A comparative analysis of the current European and American systems--the two most mature for both antitrust and IP--shows that the former tends to downplay IP rights in favor of competition, whereas the latter tends to curtail the imperative of competition to preserve the exclusivity based upon IP rights. Yet these are only trends, and on the whole the two systems are still largely unsettled on the matter.
The underlying dilemma is that a broad antitrust intervention, also through a high rate of compulsory licensing orders, may reduce the incentives to invest and thus chill the scientific and technological innovation (a risk apparently more clear in the United States). At the same time, failure to scrutinize anticompetitive behaviors can result in foreclosure of markets to the detriment of consumers, competitors, and the efficiency of the economic system (a risk apparently more clear in the European Union).
Broadening the view to the international dimension, so far rather neglected, gives the occasion to wonder whether there is any bias for the one or the other solution, or simply to figure out alternative options to the classical ex-post antitrust enforcement.
Part I of this Article accounts for the legal background on monopolization claims involving IP rights. Part II provides an overview of the European and American case law and policy. Part III frames the key issues within the international setting, while making proposals on how to go ahead in this field.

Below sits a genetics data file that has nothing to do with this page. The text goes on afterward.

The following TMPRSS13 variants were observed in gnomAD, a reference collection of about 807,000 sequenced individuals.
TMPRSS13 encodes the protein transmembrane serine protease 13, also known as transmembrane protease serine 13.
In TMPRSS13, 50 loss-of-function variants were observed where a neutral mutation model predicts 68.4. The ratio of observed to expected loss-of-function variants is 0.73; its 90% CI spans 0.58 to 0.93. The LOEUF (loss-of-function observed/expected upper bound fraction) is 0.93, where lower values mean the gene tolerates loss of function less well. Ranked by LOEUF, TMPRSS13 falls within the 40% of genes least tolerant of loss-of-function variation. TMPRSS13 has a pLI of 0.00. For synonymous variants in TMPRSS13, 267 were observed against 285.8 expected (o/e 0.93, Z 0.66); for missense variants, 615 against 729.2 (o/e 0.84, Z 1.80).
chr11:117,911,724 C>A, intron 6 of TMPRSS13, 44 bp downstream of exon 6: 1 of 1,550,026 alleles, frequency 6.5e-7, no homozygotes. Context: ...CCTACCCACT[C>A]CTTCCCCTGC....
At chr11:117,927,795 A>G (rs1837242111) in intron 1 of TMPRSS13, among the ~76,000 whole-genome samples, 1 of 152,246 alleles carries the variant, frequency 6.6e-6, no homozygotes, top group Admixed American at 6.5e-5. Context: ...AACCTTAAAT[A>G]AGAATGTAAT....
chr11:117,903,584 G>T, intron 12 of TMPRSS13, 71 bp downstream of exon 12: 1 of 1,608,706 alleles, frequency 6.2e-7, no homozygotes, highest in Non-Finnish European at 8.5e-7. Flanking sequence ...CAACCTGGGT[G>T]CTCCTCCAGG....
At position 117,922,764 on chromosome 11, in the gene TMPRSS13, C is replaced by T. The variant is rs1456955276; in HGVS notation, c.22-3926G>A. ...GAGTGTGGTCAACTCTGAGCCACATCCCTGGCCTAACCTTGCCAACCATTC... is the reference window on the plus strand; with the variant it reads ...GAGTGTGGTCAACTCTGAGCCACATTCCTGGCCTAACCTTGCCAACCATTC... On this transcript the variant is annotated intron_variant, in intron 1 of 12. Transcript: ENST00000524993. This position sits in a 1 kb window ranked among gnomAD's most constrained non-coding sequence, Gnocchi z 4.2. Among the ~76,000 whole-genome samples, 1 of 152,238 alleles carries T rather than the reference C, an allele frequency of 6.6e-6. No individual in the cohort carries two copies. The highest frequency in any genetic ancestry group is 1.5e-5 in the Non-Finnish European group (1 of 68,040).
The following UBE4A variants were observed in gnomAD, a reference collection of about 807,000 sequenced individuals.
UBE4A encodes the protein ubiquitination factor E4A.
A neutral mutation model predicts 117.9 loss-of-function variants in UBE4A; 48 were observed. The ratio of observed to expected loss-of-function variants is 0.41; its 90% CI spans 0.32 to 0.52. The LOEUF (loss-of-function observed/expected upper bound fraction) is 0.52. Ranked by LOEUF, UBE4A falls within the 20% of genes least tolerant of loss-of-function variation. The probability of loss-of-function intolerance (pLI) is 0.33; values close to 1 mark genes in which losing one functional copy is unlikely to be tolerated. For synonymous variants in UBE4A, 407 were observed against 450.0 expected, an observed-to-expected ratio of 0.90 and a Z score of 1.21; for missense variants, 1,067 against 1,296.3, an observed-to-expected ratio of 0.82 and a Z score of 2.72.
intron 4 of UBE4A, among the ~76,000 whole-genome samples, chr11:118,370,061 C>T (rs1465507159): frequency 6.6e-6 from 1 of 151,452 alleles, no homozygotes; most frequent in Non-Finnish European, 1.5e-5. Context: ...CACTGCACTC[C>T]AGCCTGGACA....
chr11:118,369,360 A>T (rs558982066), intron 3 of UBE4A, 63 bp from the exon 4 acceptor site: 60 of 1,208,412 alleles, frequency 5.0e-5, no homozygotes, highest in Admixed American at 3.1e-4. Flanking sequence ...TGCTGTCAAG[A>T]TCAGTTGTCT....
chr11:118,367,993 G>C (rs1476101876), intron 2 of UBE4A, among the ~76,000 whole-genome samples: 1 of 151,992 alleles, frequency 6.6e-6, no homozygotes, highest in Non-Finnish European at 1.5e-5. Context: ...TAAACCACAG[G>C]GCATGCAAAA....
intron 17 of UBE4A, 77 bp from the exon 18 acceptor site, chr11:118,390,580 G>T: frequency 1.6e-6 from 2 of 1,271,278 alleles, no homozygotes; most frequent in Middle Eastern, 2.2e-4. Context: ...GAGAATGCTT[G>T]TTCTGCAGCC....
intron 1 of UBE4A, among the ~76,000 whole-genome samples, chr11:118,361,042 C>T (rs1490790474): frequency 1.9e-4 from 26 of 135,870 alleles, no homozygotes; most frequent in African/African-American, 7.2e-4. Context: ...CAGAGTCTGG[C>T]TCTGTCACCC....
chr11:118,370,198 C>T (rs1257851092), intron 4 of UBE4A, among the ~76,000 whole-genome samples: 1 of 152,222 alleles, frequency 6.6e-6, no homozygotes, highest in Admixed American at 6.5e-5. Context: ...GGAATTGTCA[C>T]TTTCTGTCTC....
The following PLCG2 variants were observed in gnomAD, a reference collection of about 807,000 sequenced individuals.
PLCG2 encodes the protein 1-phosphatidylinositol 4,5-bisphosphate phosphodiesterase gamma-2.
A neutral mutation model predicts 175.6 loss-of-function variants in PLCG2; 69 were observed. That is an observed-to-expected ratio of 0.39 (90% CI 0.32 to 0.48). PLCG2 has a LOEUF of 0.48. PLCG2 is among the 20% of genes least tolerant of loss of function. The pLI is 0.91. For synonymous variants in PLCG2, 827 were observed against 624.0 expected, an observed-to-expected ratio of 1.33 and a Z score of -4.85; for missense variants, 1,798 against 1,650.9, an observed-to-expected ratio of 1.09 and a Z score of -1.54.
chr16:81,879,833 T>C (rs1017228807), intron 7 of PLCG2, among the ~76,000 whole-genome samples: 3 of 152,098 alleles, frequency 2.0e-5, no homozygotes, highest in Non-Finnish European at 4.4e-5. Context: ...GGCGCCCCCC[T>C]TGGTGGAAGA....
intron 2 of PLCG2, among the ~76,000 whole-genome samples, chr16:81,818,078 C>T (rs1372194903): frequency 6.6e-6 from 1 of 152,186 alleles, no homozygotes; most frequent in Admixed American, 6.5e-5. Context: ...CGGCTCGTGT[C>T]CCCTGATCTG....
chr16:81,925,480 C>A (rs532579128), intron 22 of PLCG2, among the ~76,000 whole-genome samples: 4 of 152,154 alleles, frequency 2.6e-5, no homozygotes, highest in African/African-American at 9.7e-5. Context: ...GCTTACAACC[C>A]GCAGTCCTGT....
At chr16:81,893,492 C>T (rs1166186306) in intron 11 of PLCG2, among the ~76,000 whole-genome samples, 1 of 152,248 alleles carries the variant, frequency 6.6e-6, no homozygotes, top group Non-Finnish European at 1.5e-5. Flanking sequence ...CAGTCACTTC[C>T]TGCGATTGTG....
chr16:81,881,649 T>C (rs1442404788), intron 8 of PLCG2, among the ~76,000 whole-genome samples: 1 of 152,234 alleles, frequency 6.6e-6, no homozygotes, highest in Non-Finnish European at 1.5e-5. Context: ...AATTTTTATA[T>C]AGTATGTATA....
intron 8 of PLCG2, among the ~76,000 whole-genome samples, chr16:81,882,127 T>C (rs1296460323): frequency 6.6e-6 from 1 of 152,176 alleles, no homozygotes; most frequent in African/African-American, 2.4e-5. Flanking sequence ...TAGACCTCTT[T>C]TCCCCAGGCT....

I. LEGAL BACKGROUND: OVERLAPS AND DISTINCTIVENESS OF THE EUROPEAN UNION AND UNITED STATES ANTITRUST SYSTEMS
The relevant provisions governing antitrust scrutiny of unilateral refusal to license IP in the American and European systems are primarily those addressed to limit conduct by firms which hold (or attempt to gain in the United States) monopoly power (in the United States) or dominant position (in the European Union), subject to certain conditions. These provisions display a high degree of similarity in their wording and rationale, although some discrepancies do exist.
Article 82 (formerly 86) EC Treaty (1) prohibits abuses of dominant position by one or (rarely) more undertakings affecting trade among member states; [section] 2 of the Sherman Act (2) condemns any monopolization, or attempted monopolization, and conspiracy to monopolize any part of the trade or commerce among states by a firm with market power. (3)